Culture, Music, Review

Stunning Folk Artist Laura Marling Returns With Powerfully Raw Album ‘Song For Our Daughter’

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Featured Image: Justin Tyler Close

For many of you, Laura Marling will be a name which you recognise. After years of thriving in the nu-folk scene earning countless awards, Marling is back with her latest release Song For Our Daughter, discussing the idea of motherhood. Perhaps the greatest feat of them all. It reveals a brand new side of Marling, as she takes us on this new journey with her.

Amid the dreariness and boredom surrounding the ongoing coronavirus, the news of her album was announced via her Isolation Guitar Tutorials on Instagram. The album was released via Chrysalis/Partisan and was recorded alongside producer Ethan Johns, marking Marling’s successful seventh solo album release. 

Marling is now 30-years-old and after 12 years in the industry, it is only natural that her next thoughts would be towards the idea of motherhood. She has explained that it is essentially an album about “what it means to be a woman in this society”. It’s a highly topical concept given the movements which we’ve had in recent times. Marling felt that she had to protect ‘The Girl’- A girl who “might be lost, torn from innocence prematurely or unwittingly fragmented by forces that dominate society.” Marling is aiming to take the listener by the hand and share the wisdom, which she has learnt while growing up.

The ten-track album is as follows: ‘Alexandra’, ‘Held Down’,’ Strange Girl’, ‘Only The Strong’, ‘Blow By Blow’, ‘Song For Our Daughter’, ‘Fortune’, ‘The End Of The Affair’, ‘Hope We Meet Again’ and ‘For You’.

The empowering nature of the album could be partly down to Marling leaving her label and management, building a studio in her house and largely leading the production of Song For Our Daughter. Rest assured that there are still the ethereal string arrangements and beautiful lyrics, which we’ve come to love from Marling. However, despite primarily being a folk album, there is also an unexpected but exquisite pop aspect to this release. Marling has said that she owes the increased pop influence to music legend Paul McCartney. The pop aspect particularly shines through on tracks ‘Held Down’, ‘Blow by Blow’ and ‘For You’. Ultimately, Marling is a musical chameleon and effortlessly explores a new sound in every album, and this one is no different.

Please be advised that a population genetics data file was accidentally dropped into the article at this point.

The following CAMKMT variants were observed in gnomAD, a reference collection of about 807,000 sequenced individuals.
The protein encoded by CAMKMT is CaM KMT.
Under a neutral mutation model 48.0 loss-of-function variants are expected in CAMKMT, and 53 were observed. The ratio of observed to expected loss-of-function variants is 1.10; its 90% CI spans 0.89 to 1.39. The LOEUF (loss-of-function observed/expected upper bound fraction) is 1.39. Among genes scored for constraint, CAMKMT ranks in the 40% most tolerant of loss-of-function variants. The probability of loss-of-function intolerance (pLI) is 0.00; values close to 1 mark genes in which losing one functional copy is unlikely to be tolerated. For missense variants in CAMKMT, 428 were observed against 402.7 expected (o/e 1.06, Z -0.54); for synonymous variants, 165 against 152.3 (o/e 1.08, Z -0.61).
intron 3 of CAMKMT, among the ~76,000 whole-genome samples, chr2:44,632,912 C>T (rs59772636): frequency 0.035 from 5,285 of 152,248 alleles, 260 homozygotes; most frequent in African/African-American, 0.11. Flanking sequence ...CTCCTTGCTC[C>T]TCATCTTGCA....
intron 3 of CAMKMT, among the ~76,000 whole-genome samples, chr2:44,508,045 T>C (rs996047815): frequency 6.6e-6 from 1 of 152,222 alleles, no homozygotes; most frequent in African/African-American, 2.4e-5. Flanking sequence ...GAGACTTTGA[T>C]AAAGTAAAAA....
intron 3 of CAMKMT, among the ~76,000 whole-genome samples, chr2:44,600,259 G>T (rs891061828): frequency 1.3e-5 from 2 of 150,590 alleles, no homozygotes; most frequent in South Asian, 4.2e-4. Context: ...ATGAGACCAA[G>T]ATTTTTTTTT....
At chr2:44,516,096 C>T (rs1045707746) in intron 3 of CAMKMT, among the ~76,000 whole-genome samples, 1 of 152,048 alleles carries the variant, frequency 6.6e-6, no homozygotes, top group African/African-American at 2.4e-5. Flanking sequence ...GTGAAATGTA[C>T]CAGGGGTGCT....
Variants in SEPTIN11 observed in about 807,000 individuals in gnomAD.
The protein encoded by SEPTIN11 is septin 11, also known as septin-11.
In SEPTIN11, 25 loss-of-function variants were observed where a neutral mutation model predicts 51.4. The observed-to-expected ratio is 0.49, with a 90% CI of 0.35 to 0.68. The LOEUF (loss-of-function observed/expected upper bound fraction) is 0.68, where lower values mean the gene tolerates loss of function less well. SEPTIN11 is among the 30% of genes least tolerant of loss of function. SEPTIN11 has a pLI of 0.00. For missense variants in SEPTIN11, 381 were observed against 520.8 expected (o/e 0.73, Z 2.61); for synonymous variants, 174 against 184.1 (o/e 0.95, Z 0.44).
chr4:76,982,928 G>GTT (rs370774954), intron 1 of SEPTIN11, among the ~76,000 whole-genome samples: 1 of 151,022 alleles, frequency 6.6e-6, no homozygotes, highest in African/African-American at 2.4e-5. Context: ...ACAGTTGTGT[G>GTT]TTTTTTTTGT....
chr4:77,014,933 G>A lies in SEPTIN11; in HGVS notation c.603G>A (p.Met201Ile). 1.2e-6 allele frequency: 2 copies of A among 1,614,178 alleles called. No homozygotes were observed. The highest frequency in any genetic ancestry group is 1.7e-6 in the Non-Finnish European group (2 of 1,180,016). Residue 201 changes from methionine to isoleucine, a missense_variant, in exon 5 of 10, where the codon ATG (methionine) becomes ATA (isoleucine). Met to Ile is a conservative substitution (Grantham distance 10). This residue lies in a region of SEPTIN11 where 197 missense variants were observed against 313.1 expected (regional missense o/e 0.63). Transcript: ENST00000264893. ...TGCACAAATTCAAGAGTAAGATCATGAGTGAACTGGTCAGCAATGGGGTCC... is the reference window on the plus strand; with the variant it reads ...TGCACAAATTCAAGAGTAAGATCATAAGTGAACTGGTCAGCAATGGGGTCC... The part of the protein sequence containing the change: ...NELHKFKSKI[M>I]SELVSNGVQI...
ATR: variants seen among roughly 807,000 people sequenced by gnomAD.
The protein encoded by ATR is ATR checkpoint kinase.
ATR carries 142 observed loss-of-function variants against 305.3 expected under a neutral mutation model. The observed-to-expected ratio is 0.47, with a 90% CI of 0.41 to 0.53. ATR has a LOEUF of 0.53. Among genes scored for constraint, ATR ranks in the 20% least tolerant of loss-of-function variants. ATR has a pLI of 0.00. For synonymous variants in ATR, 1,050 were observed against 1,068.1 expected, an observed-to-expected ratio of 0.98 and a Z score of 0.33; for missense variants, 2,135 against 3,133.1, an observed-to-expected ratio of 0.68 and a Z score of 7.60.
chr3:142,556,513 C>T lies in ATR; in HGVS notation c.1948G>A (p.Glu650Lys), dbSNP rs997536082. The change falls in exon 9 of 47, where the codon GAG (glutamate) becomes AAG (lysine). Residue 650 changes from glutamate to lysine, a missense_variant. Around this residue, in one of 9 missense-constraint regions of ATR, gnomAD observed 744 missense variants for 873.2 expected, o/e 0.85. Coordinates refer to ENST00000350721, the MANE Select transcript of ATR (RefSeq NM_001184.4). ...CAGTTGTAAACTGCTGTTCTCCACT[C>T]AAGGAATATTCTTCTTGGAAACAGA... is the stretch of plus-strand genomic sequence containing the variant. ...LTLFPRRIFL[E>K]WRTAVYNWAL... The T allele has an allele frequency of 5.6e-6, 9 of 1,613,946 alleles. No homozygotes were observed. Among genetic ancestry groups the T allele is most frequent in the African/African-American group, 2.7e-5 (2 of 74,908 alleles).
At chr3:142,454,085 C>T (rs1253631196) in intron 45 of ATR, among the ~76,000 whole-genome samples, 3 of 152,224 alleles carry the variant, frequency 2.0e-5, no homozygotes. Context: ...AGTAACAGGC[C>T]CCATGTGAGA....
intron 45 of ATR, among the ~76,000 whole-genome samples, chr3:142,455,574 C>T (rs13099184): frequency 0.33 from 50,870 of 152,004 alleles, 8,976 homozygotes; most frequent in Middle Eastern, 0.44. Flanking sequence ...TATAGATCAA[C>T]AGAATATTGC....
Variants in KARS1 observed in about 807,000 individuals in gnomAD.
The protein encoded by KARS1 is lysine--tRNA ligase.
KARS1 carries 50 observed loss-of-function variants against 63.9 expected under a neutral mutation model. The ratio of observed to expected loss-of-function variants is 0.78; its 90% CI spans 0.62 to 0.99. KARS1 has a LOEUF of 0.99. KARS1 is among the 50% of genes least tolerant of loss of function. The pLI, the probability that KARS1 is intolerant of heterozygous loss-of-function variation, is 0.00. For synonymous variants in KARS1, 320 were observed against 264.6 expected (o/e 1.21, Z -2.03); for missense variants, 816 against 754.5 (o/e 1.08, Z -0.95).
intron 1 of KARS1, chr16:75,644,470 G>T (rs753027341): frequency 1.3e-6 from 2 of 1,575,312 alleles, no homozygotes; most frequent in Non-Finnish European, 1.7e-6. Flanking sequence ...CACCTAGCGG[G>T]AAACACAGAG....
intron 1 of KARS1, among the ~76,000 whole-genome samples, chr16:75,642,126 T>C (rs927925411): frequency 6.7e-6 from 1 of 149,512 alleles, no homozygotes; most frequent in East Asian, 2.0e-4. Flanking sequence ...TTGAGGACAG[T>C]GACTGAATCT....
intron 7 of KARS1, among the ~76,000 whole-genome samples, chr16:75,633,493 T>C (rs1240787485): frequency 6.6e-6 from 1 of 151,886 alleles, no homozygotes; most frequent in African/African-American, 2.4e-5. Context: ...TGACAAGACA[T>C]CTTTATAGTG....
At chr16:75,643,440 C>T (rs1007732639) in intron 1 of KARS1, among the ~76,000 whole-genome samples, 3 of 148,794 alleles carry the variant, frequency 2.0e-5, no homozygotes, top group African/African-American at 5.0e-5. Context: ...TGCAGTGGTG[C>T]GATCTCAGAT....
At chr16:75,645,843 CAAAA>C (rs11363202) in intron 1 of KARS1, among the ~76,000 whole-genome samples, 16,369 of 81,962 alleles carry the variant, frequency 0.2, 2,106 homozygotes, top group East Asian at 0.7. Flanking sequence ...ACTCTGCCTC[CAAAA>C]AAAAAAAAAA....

As well as having a more pop-sounding aspect, Marling also chose to make changes to her writing style, by purposefully moving towards the idea of storytelling. This is most shown throughout tracks such as ‘Strange Girl’ and ‘Fortune’, giving them an even more universal and charming aspect. She also partly owes it to her Masters degree, which inspired her newfound love of the language of psychoanalysis. Furthermore, Marling purposefully focused less on precision while creating this album, even featuring vocal takes which were recorded on the first try -as heard in her quintessential love song ‘For You’. The album is raw and imperfect but that’s the crux of why it so beautifully thrives.

As usual, Marling never minces her words, which is best shown in her title track, such as “Lately I’ve been thinking about our daughter growing old/ All of the bullsh** that she might be told/ There’s blood on the floor/ Maybe now you’ll believe her for sure.” It is perhaps Marling’s pièce de résistance with the blow only strengthened by the light instrumentals, surrounding her vocal prowess forcing you to listen to her thoughts. It is defiant and revealed by Marling to be about “innocence being taken away prematurely” and “the idea you could arm the next generation in a way that you weren’t armed.” 

The imagery across the album also proves once again that Marling is always highly skilled at crafting visual images with her words. ‘The End of the Affair’ is almost cinematic, in how it delivers a story of ended love. Such as “Threw my head into his chest/I think we did our best/ But now we must make good on words to God.” Marling’s vocals are ethereal and melodic. ‘Hope We Meet Again’ also features beautiful imagery, “I tried to give you love and truth/ But you’re acid-tongued, serpent-toothed”. It is a joy for both the ears and the mind.

Marling has found the perfect balance in her album, as each line in her work is extremely powerful yet soothing. They say that the pen is mightier than the sword, and Marling has used her weapon of choice to the best of her ability. Watch this space for tour dates to be rescheduled, and be sure to stream A Song For Our Daughter. You might not only discover a new piece of Marling, but also perhaps of yourself.

Be sure to keep up with Laura Marling:

Website | Spotify | Facebook | YouTube| Instagram | Twitter

About the author / 

Camilla Whitfield

Second Year English Student| Cumbria| Music & Gig Enthusiast

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